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Consider wildlife and wildfire during fall yard cleanup

Today’s MI Environment story is courtesy of the Michigan Department of Natural Resources.

Yard looking a little disheveled with sticks, fallen leaves and dead plants hanging around?

Heap of autumn leaves.

Don’t worry too much; nature likes it a bit on the wild side. As you start the annual chore of fall clean up, use these tips to help wildlife and prevent wildfire.

First, the easy part: move a fall task to your spring to-do list. Hold off on clipping dead plant stems until 50-degree days return. If left over winter, they’ll provide protection for perennial plants. The hollow spaces in stems will give small critters and pollinators places to hibernate. Learn about the benefits of “leaving the leaves.”

Although some local ordinances allow fallen leaves to be burned or removed curbside, why not use dead leaves as free mulch? They will insulate plants and slow erosion, keeping garden soil in place. Turtles, toads, salamanders, moths and butterflies all spend winter tucked under leaves.

You could even use leaves to enrich next year’s garden.

“To tidy fallen leaves, rake them up into a bin or pile to turn into nutrient-rich compost,” said Department of Environment, Great Lakes, and Energy compost coordinator Aaron Hiday. Get composting tips from EGLE.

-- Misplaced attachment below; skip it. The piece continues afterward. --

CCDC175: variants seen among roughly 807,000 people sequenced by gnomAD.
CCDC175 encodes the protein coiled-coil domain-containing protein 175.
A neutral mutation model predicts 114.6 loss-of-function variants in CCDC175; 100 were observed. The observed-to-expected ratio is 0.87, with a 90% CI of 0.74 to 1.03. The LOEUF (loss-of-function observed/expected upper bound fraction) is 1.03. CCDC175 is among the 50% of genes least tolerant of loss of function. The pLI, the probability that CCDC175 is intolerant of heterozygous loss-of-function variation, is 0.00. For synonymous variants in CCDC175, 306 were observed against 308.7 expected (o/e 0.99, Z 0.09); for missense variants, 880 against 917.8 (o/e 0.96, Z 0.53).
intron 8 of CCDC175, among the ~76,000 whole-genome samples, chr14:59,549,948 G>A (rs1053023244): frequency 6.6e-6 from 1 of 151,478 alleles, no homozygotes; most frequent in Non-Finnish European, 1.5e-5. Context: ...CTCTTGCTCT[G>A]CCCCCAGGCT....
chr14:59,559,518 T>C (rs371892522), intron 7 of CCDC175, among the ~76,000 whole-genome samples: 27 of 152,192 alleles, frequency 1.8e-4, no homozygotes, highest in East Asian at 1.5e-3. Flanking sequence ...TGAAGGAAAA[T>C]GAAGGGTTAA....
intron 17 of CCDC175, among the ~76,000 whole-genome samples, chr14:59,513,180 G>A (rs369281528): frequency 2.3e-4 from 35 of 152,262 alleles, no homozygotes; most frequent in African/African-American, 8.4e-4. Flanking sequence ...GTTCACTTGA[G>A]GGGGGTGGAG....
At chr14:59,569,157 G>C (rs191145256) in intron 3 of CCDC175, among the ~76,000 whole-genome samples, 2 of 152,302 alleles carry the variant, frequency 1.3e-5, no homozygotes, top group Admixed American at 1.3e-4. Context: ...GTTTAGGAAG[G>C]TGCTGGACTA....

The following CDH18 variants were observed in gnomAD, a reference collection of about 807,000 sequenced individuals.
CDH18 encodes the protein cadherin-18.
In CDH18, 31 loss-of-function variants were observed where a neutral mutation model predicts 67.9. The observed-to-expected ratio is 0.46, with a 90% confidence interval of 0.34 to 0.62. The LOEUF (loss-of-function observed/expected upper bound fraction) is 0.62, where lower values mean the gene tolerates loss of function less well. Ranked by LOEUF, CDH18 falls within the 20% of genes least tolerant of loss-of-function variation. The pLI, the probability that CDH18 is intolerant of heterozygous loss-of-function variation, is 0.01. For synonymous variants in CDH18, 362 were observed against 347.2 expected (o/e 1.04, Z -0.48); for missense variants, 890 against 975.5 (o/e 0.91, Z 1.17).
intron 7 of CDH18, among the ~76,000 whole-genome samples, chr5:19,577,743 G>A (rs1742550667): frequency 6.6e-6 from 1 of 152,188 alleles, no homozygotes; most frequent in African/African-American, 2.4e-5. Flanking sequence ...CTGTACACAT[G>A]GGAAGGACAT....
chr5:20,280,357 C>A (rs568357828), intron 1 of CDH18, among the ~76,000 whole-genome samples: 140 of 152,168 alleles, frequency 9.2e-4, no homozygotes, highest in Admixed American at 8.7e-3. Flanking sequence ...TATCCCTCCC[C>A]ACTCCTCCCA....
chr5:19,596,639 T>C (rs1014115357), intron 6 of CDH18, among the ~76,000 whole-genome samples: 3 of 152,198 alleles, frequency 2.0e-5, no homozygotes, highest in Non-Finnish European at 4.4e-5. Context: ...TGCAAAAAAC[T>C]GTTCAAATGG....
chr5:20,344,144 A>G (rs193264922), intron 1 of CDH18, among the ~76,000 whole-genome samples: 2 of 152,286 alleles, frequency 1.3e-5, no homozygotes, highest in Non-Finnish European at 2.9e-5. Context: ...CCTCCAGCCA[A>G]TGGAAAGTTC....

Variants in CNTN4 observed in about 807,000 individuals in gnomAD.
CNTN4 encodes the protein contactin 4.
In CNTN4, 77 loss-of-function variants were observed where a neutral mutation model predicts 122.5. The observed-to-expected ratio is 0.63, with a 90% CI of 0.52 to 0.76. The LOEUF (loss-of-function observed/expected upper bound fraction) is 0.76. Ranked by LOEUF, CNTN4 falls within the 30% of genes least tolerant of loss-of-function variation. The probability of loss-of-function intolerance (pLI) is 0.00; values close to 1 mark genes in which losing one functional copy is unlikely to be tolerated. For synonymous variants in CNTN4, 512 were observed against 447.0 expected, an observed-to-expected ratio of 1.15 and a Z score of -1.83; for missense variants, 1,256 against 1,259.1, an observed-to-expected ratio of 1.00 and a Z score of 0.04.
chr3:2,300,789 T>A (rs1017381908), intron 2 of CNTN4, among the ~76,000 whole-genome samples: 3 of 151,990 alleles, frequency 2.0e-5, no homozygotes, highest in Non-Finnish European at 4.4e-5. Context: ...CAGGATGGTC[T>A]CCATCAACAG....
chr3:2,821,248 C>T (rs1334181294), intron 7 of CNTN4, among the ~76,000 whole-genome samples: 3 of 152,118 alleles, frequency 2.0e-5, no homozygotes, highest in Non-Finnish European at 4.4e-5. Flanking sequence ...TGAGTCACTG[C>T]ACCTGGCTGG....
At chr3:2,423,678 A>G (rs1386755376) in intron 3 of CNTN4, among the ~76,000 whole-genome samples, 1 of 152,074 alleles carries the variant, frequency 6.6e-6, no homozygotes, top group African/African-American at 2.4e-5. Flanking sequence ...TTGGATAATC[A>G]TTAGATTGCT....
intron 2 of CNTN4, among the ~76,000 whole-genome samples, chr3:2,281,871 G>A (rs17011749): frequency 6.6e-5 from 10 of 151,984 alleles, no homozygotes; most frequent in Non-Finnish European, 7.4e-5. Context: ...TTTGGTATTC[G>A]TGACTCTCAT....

If you plan on burning yard waste, check whether conditions are safe for fire, and know your local fire ordinances. Even if the weather is cold, you’ll need a burn permit any time the ground is not fully covered in snow.

“Most wildfires are started when people burning yard waste lose control,” said DNR Wildfire Prevention Specialist Paul Rogers. “Always keep a fire manageable, don’t burn on a windy day and never leave a fire unattended, even for a minute.”

Only burn natural materials like sticks, branches and dried leaves. Burning trash is illegal and releases harmful chemicals into the air. Learn about open burning.

Get a burn permit: Upper Peninsula and northern Lower Peninsula residents can view conditions at or call 866-922-2876 (866-922-BURN). Southern Michigan residents should check with their local municipality or fire department. Be mindful of local smoke and fire ordinances, which can be stricter than state ordinances.